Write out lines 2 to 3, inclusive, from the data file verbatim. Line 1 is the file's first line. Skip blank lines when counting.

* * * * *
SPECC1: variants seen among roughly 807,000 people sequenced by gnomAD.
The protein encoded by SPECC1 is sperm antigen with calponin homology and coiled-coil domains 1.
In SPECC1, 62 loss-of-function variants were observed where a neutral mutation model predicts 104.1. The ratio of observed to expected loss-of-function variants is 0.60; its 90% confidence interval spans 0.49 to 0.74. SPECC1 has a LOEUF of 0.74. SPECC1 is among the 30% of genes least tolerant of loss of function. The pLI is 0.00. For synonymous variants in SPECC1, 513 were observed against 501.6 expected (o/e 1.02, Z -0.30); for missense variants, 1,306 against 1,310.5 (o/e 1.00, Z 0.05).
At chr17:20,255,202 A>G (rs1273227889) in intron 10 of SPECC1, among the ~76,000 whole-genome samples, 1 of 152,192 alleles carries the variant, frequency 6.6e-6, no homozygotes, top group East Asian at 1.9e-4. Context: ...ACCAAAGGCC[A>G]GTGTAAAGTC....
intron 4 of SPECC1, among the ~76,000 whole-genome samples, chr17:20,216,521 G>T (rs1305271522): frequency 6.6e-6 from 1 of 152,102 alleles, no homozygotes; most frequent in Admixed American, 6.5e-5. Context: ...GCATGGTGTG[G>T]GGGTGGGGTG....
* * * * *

The protein encoded by SPECC1 is sperm antigen with calponin homology and coiled-coil domains 1.
In SPECC1, 62 loss-of-function variants were observed where a neutral mutation model predicts 104.1. The ratio of observed to expected loss-of-function variants is 0.60; its 90% confidence interval spans 0.49 to 0.74. SPECC1 has a LOEUF of 0.74. SPECC1 is among the 30% of genes least tolerant of loss of function. The pLI is 0.00. For synonymous variants in SPECC1, 513 were observed against 501.6 expected (o/e 1.02, Z -0.30); for missense variants, 1,306 against 1,310.5 (o/e 1.00, Z 0.05).